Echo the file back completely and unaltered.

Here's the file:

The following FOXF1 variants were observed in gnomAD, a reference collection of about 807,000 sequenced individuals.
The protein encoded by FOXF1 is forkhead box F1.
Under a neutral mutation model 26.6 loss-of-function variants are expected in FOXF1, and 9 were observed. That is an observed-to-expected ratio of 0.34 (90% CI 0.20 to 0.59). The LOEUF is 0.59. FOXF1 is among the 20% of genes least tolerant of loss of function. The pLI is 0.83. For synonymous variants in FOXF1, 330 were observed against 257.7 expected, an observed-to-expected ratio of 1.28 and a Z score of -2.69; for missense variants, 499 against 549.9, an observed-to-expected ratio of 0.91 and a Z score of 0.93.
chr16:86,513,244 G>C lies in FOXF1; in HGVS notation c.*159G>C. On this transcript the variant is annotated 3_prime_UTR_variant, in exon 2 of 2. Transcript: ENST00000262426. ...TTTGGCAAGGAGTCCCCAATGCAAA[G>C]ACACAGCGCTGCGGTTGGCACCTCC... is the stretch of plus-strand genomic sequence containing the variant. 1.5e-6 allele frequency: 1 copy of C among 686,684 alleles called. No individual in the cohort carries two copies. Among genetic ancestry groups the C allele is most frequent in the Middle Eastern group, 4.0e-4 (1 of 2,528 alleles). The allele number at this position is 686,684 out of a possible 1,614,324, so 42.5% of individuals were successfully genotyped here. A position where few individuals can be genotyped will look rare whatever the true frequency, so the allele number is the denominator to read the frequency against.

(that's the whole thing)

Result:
The following FOXF1 variants were observed in gnomAD, a reference collection of about 807,000 sequenced individuals.
The protein encoded by FOXF1 is forkhead box F1.
Under a neutral mutation model 26.6 loss-of-function variants are expected in FOXF1, and 9 were observed. That is an observed-to-expected ratio of 0.34 (90% CI 0.20 to 0.59). The LOEUF is 0.59. FOXF1 is among the 20% of genes least tolerant of loss of function. The pLI is 0.83. For synonymous variants in FOXF1, 330 were observed against 257.7 expected, an observed-to-expected ratio of 1.28 and a Z score of -2.69; for missense variants, 499 against 549.9, an observed-to-expected ratio of 0.91 and a Z score of 0.93.
chr16:86,513,244 G>C lies in FOXF1; in HGVS notation c.*159G>C. On this transcript the variant is annotated 3_prime_UTR_variant, in exon 2 of 2. Transcript: ENST00000262426. ...TTTGGCAAGGAGTCCCCAATGCAAA[G>C]ACACAGCGCTGCGGTTGGCACCTCC... is the stretch of plus-strand genomic sequence containing the variant. 1.5e-6 allele frequency: 1 copy of C among 686,684 alleles called. No individual in the cohort carries two copies. Among genetic ancestry groups the C allele is most frequent in the Middle Eastern group, 4.0e-4 (1 of 2,528 alleles). The allele number at this position is 686,684 out of a possible 1,614,324, so 42.5% of individuals were successfully genotyped here. A position where few individuals can be genotyped will look rare whatever the true frequency, so the allele number is the denominator to read the frequency against.